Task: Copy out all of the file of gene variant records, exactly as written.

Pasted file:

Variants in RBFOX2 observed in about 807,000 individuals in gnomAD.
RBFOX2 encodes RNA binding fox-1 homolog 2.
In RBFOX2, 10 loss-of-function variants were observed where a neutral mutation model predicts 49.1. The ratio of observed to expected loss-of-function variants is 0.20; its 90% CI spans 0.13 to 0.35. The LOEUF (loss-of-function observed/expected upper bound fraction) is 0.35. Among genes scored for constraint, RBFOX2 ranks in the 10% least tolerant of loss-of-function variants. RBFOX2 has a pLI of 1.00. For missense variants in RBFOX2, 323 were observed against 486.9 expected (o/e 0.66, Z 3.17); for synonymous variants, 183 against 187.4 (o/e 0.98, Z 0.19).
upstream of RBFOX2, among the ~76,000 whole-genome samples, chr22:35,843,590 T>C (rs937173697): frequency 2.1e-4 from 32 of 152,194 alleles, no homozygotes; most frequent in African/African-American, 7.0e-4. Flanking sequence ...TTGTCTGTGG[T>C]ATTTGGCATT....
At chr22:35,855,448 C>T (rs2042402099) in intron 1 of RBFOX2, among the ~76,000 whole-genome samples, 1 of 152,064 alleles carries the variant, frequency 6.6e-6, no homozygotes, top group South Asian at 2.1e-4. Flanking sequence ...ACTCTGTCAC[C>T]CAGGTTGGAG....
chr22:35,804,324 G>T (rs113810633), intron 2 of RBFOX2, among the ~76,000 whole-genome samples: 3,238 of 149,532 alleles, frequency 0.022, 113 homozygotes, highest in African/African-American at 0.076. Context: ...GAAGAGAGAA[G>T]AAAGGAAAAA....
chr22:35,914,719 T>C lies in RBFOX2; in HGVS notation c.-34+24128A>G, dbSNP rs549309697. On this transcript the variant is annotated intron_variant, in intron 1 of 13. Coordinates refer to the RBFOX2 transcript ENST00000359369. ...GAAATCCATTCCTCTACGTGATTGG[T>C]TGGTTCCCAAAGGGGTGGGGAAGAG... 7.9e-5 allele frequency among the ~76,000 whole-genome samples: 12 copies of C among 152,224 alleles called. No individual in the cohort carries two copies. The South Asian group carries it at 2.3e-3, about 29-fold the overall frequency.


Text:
Variants in RBFOX2 observed in about 807,000 individuals in gnomAD.
RBFOX2 encodes RNA binding fox-1 homolog 2.
In RBFOX2, 10 loss-of-function variants were observed where a neutral mutation model predicts 49.1. The ratio of observed to expected loss-of-function variants is 0.20; its 90% CI spans 0.13 to 0.35. The LOEUF (loss-of-function observed/expected upper bound fraction) is 0.35. Among genes scored for constraint, RBFOX2 ranks in the 10% least tolerant of loss-of-function variants. RBFOX2 has a pLI of 1.00. For missense variants in RBFOX2, 323 were observed against 486.9 expected (o/e 0.66, Z 3.17); for synonymous variants, 183 against 187.4 (o/e 0.98, Z 0.19).
upstream of RBFOX2, among the ~76,000 whole-genome samples, chr22:35,843,590 T>C (rs937173697): frequency 2.1e-4 from 32 of 152,194 alleles, no homozygotes; most frequent in African/African-American, 7.0e-4. Flanking sequence ...TTGTCTGTGG[T>C]ATTTGGCATT....
At chr22:35,855,448 C>T (rs2042402099) in intron 1 of RBFOX2, among the ~76,000 whole-genome samples, 1 of 152,064 alleles carries the variant, frequency 6.6e-6, no homozygotes, top group South Asian at 2.1e-4. Flanking sequence ...ACTCTGTCAC[C>T]CAGGTTGGAG....
chr22:35,804,324 G>T (rs113810633), intron 2 of RBFOX2, among the ~76,000 whole-genome samples: 3,238 of 149,532 alleles, frequency 0.022, 113 homozygotes, highest in African/African-American at 0.076. Context: ...GAAGAGAGAA[G>T]AAAGGAAAAA....
chr22:35,914,719 T>C lies in RBFOX2; in HGVS notation c.-34+24128A>G, dbSNP rs549309697. On this transcript the variant is annotated intron_variant, in intron 1 of 13. Coordinates refer to the RBFOX2 transcript ENST00000359369. ...GAAATCCATTCCTCTACGTGATTGG[T>C]TGGTTCCCAAAGGGGTGGGGAAGAG... 7.9e-5 allele frequency among the ~76,000 whole-genome samples: 12 copies of C among 152,224 alleles called. No individual in the cohort carries two copies. The South Asian group carries it at 2.3e-3, about 29-fold the overall frequency.